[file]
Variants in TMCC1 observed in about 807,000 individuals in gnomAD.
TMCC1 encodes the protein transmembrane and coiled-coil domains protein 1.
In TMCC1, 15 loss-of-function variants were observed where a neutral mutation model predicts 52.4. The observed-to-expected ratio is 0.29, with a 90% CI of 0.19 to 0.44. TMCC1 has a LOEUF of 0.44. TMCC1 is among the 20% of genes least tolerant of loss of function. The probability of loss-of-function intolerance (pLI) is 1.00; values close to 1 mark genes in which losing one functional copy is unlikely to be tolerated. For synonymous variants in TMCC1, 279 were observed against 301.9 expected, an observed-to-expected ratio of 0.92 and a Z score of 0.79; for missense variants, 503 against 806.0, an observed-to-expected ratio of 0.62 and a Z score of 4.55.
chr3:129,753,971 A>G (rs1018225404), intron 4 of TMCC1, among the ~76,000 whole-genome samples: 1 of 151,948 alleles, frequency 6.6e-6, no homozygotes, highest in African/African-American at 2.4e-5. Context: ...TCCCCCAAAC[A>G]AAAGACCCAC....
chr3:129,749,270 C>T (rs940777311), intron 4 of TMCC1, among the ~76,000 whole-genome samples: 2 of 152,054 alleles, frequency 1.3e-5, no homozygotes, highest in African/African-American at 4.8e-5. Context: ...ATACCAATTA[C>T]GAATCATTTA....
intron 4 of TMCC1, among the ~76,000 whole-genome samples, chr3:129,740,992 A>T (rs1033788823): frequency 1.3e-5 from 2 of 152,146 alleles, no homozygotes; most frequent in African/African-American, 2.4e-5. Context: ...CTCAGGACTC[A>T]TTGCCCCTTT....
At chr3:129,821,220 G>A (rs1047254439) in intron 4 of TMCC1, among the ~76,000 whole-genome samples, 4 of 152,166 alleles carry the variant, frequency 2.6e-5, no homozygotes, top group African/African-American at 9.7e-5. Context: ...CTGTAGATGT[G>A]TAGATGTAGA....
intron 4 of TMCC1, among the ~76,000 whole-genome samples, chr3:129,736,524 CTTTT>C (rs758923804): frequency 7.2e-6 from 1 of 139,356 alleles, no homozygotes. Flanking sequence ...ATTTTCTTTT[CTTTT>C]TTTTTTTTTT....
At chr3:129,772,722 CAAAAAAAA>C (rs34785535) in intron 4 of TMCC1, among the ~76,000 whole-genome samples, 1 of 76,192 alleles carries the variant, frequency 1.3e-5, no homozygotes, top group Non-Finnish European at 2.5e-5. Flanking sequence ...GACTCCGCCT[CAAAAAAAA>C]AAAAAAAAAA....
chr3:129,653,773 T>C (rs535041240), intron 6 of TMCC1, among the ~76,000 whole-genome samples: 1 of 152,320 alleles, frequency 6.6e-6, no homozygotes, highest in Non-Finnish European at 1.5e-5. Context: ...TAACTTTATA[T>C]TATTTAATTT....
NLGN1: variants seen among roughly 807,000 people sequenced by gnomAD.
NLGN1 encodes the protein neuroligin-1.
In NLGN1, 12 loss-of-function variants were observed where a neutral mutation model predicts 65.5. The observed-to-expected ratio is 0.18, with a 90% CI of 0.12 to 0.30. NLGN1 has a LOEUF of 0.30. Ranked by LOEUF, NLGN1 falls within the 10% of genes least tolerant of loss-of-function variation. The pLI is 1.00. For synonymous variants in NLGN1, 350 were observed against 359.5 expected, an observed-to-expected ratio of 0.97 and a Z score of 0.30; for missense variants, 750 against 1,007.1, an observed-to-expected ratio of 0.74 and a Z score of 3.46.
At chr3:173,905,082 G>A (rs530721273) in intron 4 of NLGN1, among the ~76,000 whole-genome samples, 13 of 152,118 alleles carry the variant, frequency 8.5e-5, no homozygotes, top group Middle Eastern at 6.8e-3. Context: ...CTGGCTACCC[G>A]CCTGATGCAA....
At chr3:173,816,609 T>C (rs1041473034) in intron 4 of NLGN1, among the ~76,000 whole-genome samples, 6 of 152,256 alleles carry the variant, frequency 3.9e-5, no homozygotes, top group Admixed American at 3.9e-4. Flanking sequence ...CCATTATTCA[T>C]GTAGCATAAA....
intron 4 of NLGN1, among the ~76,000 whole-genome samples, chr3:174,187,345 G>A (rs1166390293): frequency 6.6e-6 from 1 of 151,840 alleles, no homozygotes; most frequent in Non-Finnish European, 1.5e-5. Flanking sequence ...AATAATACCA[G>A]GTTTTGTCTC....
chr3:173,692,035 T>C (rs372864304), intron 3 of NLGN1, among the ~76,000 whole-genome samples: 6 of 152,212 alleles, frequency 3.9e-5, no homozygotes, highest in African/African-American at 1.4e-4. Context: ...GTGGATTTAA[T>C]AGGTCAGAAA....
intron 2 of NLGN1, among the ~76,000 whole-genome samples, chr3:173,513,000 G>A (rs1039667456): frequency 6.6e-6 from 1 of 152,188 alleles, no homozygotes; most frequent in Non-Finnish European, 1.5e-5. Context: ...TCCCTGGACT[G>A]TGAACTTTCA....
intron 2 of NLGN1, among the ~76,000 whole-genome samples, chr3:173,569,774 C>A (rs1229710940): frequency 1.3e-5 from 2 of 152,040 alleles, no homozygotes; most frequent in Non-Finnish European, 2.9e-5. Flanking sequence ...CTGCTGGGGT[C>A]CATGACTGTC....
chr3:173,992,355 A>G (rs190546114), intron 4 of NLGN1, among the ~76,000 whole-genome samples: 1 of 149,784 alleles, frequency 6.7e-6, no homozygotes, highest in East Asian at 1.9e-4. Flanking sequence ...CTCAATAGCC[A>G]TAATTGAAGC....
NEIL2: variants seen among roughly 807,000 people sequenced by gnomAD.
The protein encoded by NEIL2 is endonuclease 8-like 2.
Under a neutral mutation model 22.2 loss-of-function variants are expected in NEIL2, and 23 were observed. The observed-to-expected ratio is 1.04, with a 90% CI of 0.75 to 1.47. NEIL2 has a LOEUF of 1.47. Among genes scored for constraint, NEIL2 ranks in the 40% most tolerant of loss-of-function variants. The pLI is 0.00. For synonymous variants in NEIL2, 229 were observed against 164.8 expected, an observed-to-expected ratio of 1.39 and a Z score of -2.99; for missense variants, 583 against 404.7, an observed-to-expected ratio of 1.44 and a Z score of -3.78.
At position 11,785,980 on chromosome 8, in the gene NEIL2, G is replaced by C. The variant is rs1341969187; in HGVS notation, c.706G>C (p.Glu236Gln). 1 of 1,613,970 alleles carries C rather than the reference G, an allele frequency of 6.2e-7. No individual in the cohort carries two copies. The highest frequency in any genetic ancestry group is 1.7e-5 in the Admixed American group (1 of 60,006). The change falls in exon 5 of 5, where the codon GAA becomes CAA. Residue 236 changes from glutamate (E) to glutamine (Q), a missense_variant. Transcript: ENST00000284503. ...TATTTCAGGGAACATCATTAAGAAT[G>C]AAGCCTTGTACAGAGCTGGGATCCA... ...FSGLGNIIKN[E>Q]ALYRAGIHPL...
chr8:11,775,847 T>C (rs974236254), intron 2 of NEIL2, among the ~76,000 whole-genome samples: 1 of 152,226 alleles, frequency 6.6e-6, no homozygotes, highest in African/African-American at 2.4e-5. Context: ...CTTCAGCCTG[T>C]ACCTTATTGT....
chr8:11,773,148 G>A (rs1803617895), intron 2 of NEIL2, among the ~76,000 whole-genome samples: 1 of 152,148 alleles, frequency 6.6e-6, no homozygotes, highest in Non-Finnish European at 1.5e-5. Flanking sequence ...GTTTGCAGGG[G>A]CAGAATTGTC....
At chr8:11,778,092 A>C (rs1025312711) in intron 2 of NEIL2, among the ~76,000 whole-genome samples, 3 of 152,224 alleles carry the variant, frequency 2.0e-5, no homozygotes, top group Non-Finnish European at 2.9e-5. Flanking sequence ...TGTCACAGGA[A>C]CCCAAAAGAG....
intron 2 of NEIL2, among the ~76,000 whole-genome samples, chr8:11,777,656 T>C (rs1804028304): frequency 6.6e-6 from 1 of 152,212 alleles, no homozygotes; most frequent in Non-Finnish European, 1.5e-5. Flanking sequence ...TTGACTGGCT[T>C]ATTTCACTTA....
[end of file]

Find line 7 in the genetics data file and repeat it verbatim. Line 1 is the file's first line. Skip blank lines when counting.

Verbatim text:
At chr3:129,821,220 G>A (rs1047254439) in intron 4 of TMCC1, among the ~76,000 whole-genome samples, 4 of 152,166 alleles carry the variant, frequency 2.6e-5, no homozygotes, top group African/African-American at 9.7e-5. Context: ...CTGTAGATGT[G>A]TAGATGTAGA....